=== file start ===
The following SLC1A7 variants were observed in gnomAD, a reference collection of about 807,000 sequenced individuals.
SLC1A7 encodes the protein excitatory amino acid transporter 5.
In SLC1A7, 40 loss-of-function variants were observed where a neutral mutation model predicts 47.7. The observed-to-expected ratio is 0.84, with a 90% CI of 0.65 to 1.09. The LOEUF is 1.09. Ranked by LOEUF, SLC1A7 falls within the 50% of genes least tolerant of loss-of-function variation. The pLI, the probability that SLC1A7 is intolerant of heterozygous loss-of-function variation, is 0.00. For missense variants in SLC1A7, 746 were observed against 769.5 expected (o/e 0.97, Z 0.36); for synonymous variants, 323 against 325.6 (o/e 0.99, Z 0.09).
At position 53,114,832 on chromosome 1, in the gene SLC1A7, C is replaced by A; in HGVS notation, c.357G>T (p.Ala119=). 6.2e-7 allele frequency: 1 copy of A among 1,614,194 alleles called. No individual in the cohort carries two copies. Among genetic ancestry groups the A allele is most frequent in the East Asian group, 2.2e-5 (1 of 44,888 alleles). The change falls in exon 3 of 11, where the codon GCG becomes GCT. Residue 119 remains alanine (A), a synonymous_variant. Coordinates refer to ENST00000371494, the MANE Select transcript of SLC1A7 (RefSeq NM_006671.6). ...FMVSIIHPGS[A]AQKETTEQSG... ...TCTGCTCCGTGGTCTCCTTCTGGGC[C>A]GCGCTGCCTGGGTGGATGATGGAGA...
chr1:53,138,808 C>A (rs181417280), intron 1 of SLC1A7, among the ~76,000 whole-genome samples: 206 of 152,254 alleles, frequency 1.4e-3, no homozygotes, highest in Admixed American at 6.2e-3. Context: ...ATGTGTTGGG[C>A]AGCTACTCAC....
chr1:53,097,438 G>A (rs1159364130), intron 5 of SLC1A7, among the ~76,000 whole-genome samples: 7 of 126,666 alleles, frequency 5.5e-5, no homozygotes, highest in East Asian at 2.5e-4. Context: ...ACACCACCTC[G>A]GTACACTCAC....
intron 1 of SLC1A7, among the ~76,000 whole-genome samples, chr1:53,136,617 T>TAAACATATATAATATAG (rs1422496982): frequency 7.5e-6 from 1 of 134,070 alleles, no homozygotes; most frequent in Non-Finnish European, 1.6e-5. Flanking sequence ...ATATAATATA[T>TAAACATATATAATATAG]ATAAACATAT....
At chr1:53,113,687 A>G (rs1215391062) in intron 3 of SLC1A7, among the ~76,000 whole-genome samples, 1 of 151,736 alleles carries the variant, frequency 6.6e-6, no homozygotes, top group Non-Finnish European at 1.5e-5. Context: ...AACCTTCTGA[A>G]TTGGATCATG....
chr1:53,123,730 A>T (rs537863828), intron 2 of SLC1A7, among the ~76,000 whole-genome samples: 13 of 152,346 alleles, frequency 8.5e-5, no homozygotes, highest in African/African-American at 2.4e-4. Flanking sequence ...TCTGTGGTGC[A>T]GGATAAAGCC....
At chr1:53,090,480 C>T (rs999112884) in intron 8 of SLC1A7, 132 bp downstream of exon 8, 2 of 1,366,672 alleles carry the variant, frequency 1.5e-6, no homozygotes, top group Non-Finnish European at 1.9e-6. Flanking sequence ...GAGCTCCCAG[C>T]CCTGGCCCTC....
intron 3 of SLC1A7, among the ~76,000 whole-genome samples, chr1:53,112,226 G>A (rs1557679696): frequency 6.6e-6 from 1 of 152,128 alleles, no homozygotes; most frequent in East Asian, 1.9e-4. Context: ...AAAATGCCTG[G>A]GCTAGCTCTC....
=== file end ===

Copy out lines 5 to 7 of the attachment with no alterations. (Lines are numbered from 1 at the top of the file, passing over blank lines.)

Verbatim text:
chr1:53,138,808 C>A (rs181417280), intron 1 of SLC1A7, among the ~76,000 whole-genome samples: 206 of 152,254 alleles, frequency 1.4e-3, no homozygotes, highest in Admixed American at 6.2e-3. Context: ...ATGTGTTGGG[C>A]AGCTACTCAC....
chr1:53,097,438 G>A (rs1159364130), intron 5 of SLC1A7, among the ~76,000 whole-genome samples: 7 of 126,666 alleles, frequency 5.5e-5, no homozygotes, highest in East Asian at 2.5e-4. Context: ...ACACCACCTC[G>A]GTACACTCAC....
intron 1 of SLC1A7, among the ~76,000 whole-genome samples, chr1:53,136,617 T>TAAACATATATAATATAG (rs1422496982): frequency 7.5e-6 from 1 of 134,070 alleles, no homozygotes; most frequent in Non-Finnish European, 1.6e-5. Flanking sequence ...ATATAATATA[T>TAAACATATATAATATAG]ATAAACATAT....